3. Walter A. Haas Jr., Oakland Athletics (1981-1995) 

Fate intervened for the son of the former president of Levi: The Athletics were about to be sold by Charles Finley to Marvin Davis, a businessman intent on moving them to Denver. When the Oakland Raiders made their move to Los Angeles though, the city made it clear that they wouldn't lose the A's too. Finley ended up looking for a local buyer, ending up with Haas.

Worked out well for Oakland fans: Haas ditched the gimmickery of the '70s A's, refurbished the image of the team (changed the name back to Athletics, changed the uniform colors to make them less flashy and more professional, even changed the mascot), raised attendance levels back to record heights thanks to his community approach. Baseball-wise, he rebuilt the minor league system to help produce talented youth like Jose Canseco and Mark McGwire, and hired Tony LaRussa to manage the team.

To think that none of this would've been possible without Al Davis. Speaking of Ol' Freddy Kreuger ...

2. Al Davis, Oakland Raiders (1966-1972 part owner, 1972-present principal owner)

Davis is obviously past his prime, but it shouldn't diminish his accomplishments in a long and storied career. The Raiders stunk before he became their head coach in 1963, and his ascension to ownership assured a longer stay in the Bay (the infant AFL considered relocating from Oakland because of the poor turnouts and the turnover in management). Well, at least until he could find a better stadium.

Under his stewardship, the Oakland (and for a period, LA) Raiders enjoyed a sustained period of excellence nearly four decades long. They've reached the playoffs 21 times and won 15 division crowns. They've made the Super Bowl five times (four of them in different decades), winning three of them.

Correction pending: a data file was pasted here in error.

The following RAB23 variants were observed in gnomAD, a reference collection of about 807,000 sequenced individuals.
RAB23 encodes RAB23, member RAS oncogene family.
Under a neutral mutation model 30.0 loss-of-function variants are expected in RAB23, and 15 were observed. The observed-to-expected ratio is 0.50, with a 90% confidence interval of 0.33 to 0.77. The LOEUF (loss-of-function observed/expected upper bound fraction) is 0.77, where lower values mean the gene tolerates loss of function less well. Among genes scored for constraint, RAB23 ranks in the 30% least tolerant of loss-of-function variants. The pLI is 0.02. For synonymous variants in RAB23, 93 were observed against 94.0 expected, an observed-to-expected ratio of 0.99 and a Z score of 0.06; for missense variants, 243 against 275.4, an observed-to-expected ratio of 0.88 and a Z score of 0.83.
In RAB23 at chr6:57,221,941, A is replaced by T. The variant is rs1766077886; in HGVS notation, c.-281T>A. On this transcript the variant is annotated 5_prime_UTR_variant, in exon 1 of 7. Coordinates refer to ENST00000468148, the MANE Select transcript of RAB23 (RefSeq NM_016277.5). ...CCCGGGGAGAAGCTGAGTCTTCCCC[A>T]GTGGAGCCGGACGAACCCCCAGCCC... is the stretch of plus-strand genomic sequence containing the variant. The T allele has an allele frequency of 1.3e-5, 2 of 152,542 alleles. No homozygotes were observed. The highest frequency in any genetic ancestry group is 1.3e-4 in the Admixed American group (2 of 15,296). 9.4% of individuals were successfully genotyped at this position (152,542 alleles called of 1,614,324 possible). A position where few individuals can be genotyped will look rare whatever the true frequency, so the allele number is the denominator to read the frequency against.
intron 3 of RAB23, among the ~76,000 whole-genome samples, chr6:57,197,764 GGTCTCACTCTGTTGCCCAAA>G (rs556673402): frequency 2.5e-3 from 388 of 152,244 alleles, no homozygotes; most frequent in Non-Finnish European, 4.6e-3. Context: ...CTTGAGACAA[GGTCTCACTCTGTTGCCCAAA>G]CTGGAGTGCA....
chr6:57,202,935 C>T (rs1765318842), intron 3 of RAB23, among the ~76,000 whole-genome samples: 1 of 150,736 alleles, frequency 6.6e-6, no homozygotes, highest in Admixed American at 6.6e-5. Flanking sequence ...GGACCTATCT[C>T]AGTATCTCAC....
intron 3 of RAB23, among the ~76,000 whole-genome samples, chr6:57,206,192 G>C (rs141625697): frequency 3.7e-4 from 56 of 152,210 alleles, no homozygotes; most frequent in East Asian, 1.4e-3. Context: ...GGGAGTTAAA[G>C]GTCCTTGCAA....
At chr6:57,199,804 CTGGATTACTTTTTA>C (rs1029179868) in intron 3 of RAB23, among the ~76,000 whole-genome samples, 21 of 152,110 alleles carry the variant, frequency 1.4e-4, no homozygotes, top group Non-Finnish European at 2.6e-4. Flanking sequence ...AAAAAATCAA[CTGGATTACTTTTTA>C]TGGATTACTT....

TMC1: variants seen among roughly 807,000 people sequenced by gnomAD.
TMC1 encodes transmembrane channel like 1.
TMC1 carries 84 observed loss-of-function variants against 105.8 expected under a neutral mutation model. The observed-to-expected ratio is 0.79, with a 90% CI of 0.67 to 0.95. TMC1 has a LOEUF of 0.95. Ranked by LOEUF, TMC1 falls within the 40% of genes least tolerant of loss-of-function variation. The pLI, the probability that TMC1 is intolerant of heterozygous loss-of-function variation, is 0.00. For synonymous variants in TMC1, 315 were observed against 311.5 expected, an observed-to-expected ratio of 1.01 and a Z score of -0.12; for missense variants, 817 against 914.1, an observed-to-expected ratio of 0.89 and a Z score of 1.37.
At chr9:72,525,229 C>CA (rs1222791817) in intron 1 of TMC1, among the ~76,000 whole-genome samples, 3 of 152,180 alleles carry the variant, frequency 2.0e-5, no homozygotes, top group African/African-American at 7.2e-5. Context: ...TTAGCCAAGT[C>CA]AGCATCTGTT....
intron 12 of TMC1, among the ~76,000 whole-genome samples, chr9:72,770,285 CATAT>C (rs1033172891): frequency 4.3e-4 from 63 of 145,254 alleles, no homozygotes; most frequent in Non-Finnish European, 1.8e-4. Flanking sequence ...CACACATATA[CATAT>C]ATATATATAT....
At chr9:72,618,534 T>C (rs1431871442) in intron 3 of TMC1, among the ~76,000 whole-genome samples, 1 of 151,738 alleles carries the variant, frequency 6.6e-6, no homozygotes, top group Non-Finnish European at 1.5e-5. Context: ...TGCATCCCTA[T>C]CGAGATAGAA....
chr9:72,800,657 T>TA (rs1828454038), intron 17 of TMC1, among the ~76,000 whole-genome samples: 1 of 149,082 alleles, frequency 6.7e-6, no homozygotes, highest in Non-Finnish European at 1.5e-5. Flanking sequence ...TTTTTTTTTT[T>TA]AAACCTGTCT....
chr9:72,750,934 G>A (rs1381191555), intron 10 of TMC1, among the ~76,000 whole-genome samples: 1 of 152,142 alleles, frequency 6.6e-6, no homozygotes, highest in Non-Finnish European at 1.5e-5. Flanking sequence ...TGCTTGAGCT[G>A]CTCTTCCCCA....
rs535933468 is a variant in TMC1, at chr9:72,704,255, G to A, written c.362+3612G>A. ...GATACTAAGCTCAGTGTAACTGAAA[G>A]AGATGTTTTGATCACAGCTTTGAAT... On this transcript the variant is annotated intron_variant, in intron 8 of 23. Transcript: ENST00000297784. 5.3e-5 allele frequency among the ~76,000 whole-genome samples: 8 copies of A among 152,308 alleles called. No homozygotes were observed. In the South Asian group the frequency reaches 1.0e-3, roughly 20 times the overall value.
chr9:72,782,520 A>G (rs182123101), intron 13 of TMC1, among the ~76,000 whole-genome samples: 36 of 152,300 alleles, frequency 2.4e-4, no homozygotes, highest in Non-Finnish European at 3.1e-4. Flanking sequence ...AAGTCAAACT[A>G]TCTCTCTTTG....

The recent failings of the Raiders have eroded Davis's stature, but when he leaves us, he's probably the likeliest guy on this list to get the Steinbrenner treatment media-wise. It might've been hard to like him, but it was hard to ignore him.

1. Edward J. DeBartolo, San Francisco 49ers (1977-2000)

Yes, his first hiring of Joe Thomas was a catastrophe. Yes, DeBartolo was a notorious drinker, gambler and womanizer (Niners president Carmen Policy and his father often each covered up his bad behavior; his eventual comeuppance was inevitable). Yes, he nearly fired Bill Walsh in a drunken stupor (although Policy "forgot" the order). And yes, his tendency to overpay for big-time players (especially in the run for the final Super Bowl ring) had long-term ramifications, dooming the Niners to a downward slide for over a decade when the salary cap era hit home.

However, the objective in this game is winning, and no one had a better tenure in the Bay Area than Eddie. San Francisco won their division 13 times during his tenure. They missed the playoffs TWICE over an 18-year span. He brought in Bill Walsh early on to act as coach/general manager. Walsh would go on to revolutionize modern football with his West Coast offense and evaluate and stockpile talent superbly. The end result? The Niners became the Team Of The Eighties, and finished DeBartolo's reign with enough Super Bowl rings to fill up the fingers on one hand.

Sadly, the Warriors have yet to enjoy strong ownership in the modern era. One can only hope Joseph Lacob will one day join that list.